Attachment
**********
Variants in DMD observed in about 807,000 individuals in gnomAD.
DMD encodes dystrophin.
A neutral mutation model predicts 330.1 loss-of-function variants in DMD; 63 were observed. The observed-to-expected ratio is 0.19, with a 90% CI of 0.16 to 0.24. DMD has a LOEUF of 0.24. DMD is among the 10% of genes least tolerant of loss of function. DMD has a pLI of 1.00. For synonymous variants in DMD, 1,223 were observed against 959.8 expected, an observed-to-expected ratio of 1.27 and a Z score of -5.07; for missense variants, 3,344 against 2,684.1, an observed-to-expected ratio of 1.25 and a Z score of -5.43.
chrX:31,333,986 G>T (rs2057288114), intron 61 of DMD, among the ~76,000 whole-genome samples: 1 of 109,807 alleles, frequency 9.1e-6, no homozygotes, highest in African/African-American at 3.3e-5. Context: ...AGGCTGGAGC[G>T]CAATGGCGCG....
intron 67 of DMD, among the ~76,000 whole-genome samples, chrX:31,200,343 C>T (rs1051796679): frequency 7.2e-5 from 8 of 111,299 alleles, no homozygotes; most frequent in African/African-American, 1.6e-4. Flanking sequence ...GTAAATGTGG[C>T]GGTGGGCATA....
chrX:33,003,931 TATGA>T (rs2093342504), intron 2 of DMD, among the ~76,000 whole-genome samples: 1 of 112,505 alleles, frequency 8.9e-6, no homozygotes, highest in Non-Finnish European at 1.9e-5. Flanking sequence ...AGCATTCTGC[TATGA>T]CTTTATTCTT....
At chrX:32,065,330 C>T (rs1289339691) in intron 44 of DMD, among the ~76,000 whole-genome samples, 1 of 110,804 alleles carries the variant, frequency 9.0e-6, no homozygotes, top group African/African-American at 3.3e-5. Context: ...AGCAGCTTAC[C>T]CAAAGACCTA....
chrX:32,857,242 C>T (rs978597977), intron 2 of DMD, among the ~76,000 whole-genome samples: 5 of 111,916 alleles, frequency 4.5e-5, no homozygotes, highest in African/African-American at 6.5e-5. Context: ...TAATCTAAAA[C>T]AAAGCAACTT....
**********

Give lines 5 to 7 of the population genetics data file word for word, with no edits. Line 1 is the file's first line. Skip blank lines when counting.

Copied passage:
intron 67 of DMD, among the ~76,000 whole-genome samples, chrX:31,200,343 C>T (rs1051796679): frequency 7.2e-5 from 8 of 111,299 alleles, no homozygotes; most frequent in African/African-American, 1.6e-4. Flanking sequence ...GTAAATGTGG[C>T]GGTGGGCATA....
chrX:33,003,931 TATGA>T (rs2093342504), intron 2 of DMD, among the ~76,000 whole-genome samples: 1 of 112,505 alleles, frequency 8.9e-6, no homozygotes, highest in Non-Finnish European at 1.9e-5. Flanking sequence ...AGCATTCTGC[TATGA>T]CTTTATTCTT....
At chrX:32,065,330 C>T (rs1289339691) in intron 44 of DMD, among the ~76,000 whole-genome samples, 1 of 110,804 alleles carries the variant, frequency 9.0e-6, no homozygotes, top group African/African-American at 3.3e-5. Context: ...AGCAGCTTAC[C>T]CAAAGACCTA....